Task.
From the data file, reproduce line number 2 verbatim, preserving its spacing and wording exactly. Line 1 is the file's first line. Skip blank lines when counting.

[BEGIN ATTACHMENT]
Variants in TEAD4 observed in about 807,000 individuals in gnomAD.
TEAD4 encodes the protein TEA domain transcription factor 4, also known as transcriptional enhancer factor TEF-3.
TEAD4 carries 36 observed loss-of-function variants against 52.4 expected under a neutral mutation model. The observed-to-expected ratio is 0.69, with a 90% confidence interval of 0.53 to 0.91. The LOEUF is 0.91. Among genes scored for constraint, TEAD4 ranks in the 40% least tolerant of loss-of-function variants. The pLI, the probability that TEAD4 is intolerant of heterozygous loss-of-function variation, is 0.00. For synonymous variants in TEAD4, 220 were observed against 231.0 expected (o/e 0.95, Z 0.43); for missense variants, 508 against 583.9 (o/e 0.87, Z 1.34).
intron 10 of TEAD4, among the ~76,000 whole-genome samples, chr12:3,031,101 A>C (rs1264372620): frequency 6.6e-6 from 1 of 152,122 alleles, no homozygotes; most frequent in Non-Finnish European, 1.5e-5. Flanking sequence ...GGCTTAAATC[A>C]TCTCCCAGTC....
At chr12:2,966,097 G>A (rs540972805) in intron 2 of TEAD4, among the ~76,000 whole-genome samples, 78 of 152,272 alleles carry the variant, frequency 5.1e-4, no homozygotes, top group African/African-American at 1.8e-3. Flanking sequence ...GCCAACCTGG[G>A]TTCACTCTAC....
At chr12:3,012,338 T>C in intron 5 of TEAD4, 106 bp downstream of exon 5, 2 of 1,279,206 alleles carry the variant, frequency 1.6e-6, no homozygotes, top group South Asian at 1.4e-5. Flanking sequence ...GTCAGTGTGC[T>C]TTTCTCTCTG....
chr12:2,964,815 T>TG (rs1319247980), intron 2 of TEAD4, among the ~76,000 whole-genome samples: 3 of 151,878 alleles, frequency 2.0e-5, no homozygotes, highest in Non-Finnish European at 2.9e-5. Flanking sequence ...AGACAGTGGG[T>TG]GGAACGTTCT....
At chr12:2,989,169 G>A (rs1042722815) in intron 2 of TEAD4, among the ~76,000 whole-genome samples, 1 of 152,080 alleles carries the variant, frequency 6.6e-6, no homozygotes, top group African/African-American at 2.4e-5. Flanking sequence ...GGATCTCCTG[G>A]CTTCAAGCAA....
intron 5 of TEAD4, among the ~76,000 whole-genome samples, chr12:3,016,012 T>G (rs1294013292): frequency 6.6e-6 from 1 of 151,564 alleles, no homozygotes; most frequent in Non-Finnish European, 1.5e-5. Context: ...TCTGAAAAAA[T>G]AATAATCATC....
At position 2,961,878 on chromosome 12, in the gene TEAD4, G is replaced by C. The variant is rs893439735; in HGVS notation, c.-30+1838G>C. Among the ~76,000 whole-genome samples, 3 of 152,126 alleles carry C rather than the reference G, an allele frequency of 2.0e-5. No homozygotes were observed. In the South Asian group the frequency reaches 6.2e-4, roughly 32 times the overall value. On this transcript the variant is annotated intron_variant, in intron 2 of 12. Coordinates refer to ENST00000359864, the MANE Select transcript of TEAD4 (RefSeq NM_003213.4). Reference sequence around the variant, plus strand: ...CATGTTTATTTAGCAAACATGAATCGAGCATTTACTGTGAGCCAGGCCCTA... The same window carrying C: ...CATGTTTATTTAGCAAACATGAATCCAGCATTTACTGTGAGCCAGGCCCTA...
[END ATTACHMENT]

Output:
TEAD4 encodes the protein TEA domain transcription factor 4, also known as transcriptional enhancer factor TEF-3.